‘Sleep Drunkenness’ Is a Thing, and It’s More Common Than You Think
In a new study — conducted by Dr. Maurice Ohayon, a sleep psychiatrist at Stanford School of Medicine, and his colleagues — scientists have found that as much as one in seven people may suffer from this disorder. The authors, who published their findings in the journal Neurology, looked at over 19,000 American adults and monitored their sleep habits and history of confusional arousal.
“Confusional arousals are highly prevalent in the general population,” write the authors of the study. “They are often reported allegedly as a consequence of the treatment of sleep disorders. For the majority of subjects experiencing Confusional arousals, no medications were used, but among those who were using medications, antidepressants were most common. Sleep and/or mental disorders were important factors for Confusional arousals independent of the use of any medication.”
Now, just being confused in the morning does not suffice as sleep drunkenness. Instead, it is when you wake up and engage in confused (or even inappropriate!) behavior. For instance, Fox News cites examples like answering the phone when an alarm goes off or even engaging in acts of violence. Dr. Ohayon explains that such activity occurs when an individual is suddenly woken up and the individual usually will not remember the incident.
“It’s like they are totally drunk — they don’t know where they are or what they are doing,” Ohayon told Live Science.
The researchers also found that a whopping 15 percent of the surveyed population had suffered an episode of sleep drunkenness in the past year and more than half of the subjects admitted to having an experience once a week. On average, each episode reportedly lasts for less than 15 minutes with 37.6 percent of those surveyed admitting the episode to last for less than five minutes.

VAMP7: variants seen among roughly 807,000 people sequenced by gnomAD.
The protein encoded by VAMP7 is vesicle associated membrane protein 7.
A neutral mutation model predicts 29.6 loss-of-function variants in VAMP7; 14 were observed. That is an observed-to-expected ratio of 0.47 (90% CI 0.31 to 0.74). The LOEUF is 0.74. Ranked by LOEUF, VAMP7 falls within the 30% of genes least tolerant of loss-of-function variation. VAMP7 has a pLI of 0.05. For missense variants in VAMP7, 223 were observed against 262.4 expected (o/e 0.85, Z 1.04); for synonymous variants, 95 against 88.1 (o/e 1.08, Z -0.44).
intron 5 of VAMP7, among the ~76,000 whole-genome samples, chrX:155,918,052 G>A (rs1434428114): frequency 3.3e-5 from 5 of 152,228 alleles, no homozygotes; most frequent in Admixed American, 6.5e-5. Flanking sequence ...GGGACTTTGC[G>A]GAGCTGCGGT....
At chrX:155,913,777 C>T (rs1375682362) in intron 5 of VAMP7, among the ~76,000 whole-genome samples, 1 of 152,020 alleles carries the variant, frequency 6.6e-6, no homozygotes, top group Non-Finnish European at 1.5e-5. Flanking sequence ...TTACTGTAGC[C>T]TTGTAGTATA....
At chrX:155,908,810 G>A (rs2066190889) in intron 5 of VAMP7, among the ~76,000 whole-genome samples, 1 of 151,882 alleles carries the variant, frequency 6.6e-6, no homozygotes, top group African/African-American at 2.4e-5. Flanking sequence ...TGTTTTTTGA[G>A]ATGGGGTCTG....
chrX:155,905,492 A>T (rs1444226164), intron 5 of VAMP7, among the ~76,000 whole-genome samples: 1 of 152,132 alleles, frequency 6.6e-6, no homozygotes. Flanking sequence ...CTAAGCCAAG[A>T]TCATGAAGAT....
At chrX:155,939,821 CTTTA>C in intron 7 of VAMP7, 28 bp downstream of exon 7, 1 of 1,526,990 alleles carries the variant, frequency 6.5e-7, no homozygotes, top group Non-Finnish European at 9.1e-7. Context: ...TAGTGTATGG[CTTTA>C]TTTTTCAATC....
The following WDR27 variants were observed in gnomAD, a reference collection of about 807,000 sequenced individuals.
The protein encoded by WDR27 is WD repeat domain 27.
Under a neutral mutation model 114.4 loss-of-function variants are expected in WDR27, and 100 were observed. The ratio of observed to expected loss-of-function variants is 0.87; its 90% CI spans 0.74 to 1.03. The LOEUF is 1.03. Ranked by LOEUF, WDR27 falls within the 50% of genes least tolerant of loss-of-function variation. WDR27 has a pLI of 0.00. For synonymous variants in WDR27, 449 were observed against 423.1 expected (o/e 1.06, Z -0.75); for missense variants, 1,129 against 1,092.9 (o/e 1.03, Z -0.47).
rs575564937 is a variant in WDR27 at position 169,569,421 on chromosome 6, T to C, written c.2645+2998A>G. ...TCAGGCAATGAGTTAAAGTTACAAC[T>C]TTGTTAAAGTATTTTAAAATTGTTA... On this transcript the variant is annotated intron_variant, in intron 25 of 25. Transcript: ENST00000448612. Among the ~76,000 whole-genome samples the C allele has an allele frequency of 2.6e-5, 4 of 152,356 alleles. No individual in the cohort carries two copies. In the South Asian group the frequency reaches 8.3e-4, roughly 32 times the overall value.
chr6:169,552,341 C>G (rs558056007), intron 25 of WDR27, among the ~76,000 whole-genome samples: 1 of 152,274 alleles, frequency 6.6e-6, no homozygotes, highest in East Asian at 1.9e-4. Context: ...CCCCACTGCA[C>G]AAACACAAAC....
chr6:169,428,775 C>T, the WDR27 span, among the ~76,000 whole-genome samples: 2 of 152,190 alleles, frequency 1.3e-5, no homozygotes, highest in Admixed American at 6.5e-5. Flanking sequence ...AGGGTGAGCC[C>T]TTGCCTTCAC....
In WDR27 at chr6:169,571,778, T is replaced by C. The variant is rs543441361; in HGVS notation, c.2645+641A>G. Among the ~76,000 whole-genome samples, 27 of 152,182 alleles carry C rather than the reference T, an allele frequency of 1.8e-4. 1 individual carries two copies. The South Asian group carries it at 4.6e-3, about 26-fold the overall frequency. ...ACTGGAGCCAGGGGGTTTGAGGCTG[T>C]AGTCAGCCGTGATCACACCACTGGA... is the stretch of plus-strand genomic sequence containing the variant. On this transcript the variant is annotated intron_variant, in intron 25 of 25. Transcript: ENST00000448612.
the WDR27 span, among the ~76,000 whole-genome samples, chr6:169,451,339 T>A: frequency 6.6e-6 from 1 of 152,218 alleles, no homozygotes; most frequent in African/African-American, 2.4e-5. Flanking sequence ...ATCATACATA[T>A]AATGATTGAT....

What’s more, a previous study found that 17 percent of children under the age of 13 have experienced sleep drunkenness and the prevalence of the episodes decreases with age. Prior research has also found that the likelihood of suffering from sleep drunkenness increases if you drink alcohol before going to sleep.
“These episodes of waking up confused have received considerably less attention than sleepwalking even though the consequences can be just as serious,” said Dr. Ohayon in a statement. “These episodes of confused awakening have not gotten much attention, but given that they occur at a high rate in the general population, more research should be done on when they occur and whether they can be treated. People with sleep disorders or mental health issues should also be aware that they may be at greater risk of these episodes.”
Dr. Ohayon and his team also discovered that those suffering from sleep drunkenness also had a co-morbid sleep disorder, a mental health disorder, or were on psychotropic drugs (e.g. antidepressants). The researchers also found that those with a mental disorder — say, depression, bipolar disorder, alcoholism, panic or post-traumatic stress disorder, and anxiety — were more likely to experience sleep drunkenness.